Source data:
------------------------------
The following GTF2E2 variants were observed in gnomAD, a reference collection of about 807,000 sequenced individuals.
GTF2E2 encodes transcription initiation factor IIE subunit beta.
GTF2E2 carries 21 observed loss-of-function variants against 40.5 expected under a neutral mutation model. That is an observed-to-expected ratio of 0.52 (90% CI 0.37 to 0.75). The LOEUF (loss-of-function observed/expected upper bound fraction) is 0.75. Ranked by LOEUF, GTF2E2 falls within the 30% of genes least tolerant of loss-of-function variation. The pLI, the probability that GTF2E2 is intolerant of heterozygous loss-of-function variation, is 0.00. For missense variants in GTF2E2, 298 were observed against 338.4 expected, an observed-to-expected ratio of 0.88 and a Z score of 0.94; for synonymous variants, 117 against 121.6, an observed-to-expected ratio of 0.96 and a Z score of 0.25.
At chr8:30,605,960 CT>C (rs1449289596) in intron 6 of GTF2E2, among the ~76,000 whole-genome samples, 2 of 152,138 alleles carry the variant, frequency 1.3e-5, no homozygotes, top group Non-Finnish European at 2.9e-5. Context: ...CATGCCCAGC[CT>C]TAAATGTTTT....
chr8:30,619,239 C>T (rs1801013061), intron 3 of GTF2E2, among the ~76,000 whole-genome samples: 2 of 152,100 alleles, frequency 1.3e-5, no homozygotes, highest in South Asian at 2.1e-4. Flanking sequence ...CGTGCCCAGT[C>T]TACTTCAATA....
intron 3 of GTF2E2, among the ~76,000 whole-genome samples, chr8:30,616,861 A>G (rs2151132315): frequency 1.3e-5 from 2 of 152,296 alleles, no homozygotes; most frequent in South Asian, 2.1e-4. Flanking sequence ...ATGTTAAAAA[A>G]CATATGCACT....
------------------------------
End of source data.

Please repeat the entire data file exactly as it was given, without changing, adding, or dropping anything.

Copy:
The following GTF2E2 variants were observed in gnomAD, a reference collection of about 807,000 sequenced individuals.
GTF2E2 encodes transcription initiation factor IIE subunit beta.
GTF2E2 carries 21 observed loss-of-function variants against 40.5 expected under a neutral mutation model. That is an observed-to-expected ratio of 0.52 (90% CI 0.37 to 0.75). The LOEUF (loss-of-function observed/expected upper bound fraction) is 0.75. Ranked by LOEUF, GTF2E2 falls within the 30% of genes least tolerant of loss-of-function variation. The pLI, the probability that GTF2E2 is intolerant of heterozygous loss-of-function variation, is 0.00. For missense variants in GTF2E2, 298 were observed against 338.4 expected, an observed-to-expected ratio of 0.88 and a Z score of 0.94; for synonymous variants, 117 against 121.6, an observed-to-expected ratio of 0.96 and a Z score of 0.25.
At chr8:30,605,960 CT>C (rs1449289596) in intron 6 of GTF2E2, among the ~76,000 whole-genome samples, 2 of 152,138 alleles carry the variant, frequency 1.3e-5, no homozygotes, top group Non-Finnish European at 2.9e-5. Context: ...CATGCCCAGC[CT>C]TAAATGTTTT....
chr8:30,619,239 C>T (rs1801013061), intron 3 of GTF2E2, among the ~76,000 whole-genome samples: 2 of 152,100 alleles, frequency 1.3e-5, no homozygotes, highest in South Asian at 2.1e-4. Flanking sequence ...CGTGCCCAGT[C>T]TACTTCAATA....
intron 3 of GTF2E2, among the ~76,000 whole-genome samples, chr8:30,616,861 A>G (rs2151132315): frequency 1.3e-5 from 2 of 152,296 alleles, no homozygotes; most frequent in South Asian, 2.1e-4. Flanking sequence ...ATGTTAAAAA[A>G]CATATGCACT....